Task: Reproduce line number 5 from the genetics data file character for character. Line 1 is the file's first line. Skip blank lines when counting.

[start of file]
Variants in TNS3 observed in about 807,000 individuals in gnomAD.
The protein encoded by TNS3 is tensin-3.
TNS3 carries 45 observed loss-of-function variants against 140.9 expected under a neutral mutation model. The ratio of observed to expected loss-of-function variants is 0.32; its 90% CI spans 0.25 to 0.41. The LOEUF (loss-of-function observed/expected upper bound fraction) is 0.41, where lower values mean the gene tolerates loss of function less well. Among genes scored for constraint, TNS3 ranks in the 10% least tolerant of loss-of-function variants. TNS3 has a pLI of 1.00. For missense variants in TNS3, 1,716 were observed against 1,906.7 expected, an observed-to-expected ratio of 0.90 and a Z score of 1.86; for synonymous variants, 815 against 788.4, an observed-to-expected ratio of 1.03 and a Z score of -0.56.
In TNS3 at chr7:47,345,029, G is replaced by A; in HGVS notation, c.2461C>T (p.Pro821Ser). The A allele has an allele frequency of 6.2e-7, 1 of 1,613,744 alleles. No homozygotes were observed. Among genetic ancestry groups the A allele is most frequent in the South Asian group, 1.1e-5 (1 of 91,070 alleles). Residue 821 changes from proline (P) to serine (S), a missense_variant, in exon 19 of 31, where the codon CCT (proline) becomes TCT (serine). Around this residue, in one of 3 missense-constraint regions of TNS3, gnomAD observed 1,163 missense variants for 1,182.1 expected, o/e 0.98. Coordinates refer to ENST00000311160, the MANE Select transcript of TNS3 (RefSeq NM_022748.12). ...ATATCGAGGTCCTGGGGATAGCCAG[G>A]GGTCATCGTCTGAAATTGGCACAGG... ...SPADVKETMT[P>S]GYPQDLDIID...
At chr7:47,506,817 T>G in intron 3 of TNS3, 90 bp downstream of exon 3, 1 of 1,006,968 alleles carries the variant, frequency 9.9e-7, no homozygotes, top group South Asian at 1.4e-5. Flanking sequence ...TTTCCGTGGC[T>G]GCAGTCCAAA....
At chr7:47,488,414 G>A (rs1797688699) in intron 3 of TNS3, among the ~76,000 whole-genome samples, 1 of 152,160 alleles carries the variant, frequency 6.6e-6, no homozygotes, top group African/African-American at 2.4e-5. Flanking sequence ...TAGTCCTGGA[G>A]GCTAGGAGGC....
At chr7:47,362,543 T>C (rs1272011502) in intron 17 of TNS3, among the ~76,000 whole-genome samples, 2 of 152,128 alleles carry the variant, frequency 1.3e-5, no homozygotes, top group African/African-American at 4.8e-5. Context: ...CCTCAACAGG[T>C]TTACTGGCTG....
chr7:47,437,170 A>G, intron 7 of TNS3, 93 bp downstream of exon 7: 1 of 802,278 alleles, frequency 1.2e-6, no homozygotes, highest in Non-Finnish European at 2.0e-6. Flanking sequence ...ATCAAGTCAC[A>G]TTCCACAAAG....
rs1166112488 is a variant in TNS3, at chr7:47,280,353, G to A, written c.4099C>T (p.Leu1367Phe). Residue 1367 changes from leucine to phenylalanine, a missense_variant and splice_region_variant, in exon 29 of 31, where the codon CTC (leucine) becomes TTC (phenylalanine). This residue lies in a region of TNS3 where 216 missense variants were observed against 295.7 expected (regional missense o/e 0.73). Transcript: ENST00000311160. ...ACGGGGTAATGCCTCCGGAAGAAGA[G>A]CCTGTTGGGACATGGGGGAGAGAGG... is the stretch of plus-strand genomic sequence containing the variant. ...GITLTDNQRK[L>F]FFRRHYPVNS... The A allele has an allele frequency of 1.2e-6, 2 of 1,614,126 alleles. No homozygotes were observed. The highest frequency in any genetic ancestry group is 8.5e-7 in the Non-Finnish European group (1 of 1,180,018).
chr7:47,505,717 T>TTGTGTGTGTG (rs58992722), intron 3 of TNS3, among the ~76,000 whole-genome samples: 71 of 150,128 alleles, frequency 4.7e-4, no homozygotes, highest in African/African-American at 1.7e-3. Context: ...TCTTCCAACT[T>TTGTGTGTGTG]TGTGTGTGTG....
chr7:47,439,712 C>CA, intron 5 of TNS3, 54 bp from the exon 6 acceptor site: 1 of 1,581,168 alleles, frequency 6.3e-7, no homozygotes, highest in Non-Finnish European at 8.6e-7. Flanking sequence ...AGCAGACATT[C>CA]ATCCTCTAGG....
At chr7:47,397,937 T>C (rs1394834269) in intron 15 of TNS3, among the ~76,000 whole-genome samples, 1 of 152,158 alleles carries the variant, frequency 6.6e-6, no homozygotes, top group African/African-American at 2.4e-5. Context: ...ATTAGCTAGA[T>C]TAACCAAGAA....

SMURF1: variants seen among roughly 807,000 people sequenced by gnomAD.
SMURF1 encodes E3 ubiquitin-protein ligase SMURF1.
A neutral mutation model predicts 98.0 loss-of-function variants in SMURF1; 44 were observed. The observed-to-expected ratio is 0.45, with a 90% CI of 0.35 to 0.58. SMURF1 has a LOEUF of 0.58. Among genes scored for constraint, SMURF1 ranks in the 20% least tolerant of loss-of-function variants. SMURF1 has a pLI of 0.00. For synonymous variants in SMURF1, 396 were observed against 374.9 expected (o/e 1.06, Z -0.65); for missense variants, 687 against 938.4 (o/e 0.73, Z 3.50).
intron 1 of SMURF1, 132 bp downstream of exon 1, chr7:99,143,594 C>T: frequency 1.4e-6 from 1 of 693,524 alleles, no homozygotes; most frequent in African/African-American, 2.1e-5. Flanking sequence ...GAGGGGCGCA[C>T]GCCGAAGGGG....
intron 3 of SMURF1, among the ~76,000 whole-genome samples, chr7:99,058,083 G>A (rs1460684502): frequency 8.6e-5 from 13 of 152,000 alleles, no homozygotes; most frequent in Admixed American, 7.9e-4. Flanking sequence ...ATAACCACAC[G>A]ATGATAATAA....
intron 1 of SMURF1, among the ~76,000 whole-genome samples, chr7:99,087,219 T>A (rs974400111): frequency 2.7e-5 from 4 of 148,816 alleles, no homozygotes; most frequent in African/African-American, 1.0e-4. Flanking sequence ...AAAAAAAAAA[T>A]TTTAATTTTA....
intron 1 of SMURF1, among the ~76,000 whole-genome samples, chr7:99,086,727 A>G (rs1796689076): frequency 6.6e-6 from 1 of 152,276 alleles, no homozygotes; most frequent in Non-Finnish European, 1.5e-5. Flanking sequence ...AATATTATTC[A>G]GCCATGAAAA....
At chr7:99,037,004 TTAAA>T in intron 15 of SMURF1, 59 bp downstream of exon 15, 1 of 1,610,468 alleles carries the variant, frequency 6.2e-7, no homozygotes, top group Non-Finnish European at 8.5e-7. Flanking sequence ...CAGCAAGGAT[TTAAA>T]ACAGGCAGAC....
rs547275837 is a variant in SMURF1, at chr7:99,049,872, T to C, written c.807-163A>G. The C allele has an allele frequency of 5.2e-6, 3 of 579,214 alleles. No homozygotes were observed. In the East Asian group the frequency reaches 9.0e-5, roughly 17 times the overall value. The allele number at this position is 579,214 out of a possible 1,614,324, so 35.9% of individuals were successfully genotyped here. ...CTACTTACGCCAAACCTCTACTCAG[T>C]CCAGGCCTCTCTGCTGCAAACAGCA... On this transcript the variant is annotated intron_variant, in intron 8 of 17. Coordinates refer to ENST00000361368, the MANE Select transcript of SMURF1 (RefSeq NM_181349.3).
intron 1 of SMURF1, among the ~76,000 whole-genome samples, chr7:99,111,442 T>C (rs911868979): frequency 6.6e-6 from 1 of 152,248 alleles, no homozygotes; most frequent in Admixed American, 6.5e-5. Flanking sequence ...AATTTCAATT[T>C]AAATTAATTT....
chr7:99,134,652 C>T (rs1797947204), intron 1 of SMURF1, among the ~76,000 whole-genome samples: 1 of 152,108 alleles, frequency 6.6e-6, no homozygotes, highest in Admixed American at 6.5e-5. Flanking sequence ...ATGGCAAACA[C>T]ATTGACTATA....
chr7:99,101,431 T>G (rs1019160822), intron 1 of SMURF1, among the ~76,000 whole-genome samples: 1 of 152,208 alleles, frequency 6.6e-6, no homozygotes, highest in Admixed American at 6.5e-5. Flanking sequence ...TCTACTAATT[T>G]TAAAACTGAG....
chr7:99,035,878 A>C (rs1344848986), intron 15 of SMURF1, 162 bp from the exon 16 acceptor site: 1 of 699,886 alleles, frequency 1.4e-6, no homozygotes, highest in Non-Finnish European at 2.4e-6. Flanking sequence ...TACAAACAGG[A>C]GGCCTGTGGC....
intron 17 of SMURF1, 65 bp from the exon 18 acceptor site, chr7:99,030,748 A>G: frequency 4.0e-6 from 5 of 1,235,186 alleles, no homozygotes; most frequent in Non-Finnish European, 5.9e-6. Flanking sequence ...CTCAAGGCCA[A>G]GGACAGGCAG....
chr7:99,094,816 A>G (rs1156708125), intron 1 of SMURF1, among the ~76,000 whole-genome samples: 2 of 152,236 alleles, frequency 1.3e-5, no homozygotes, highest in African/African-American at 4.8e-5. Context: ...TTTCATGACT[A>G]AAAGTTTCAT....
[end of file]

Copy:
At chr7:47,506,817 T>G in intron 3 of TNS3, 90 bp downstream of exon 3, 1 of 1,006,968 alleles carries the variant, frequency 9.9e-7, no homozygotes, top group South Asian at 1.4e-5. Flanking sequence ...TTTCCGTGGC[T>G]GCAGTCCAAA....